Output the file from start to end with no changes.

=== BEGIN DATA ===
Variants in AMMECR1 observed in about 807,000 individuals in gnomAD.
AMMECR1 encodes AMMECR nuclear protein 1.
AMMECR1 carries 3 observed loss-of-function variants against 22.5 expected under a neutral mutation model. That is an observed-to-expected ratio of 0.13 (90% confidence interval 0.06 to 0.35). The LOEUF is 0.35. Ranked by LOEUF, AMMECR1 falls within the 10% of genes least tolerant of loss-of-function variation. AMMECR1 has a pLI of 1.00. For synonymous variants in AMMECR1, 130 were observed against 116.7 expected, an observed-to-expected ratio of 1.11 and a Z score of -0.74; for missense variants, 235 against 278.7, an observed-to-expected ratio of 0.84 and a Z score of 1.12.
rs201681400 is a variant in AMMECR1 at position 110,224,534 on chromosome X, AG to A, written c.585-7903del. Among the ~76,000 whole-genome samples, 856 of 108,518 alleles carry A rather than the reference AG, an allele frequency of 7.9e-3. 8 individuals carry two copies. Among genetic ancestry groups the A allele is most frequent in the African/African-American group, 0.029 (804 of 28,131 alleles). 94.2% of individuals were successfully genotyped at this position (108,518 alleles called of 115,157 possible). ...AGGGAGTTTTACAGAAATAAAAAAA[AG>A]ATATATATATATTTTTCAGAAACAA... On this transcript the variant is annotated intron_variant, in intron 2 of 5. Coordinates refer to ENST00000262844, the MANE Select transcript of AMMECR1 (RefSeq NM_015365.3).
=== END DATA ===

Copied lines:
Variants in AMMECR1 observed in about 807,000 individuals in gnomAD.
AMMECR1 encodes AMMECR nuclear protein 1.
AMMECR1 carries 3 observed loss-of-function variants against 22.5 expected under a neutral mutation model. That is an observed-to-expected ratio of 0.13 (90% confidence interval 0.06 to 0.35). The LOEUF is 0.35. Ranked by LOEUF, AMMECR1 falls within the 10% of genes least tolerant of loss-of-function variation. AMMECR1 has a pLI of 1.00. For synonymous variants in AMMECR1, 130 were observed against 116.7 expected, an observed-to-expected ratio of 1.11 and a Z score of -0.74; for missense variants, 235 against 278.7, an observed-to-expected ratio of 0.84 and a Z score of 1.12.
rs201681400 is a variant in AMMECR1 at position 110,224,534 on chromosome X, AG to A, written c.585-7903del. Among the ~76,000 whole-genome samples, 856 of 108,518 alleles carry A rather than the reference AG, an allele frequency of 7.9e-3. 8 individuals carry two copies. Among genetic ancestry groups the A allele is most frequent in the African/African-American group, 0.029 (804 of 28,131 alleles). 94.2% of individuals were successfully genotyped at this position (108,518 alleles called of 115,157 possible). ...AGGGAGTTTTACAGAAATAAAAAAA[AG>A]ATATATATATATTTTTCAGAAACAA... On this transcript the variant is annotated intron_variant, in intron 2 of 5. Coordinates refer to ENST00000262844, the MANE Select transcript of AMMECR1 (RefSeq NM_015365.3).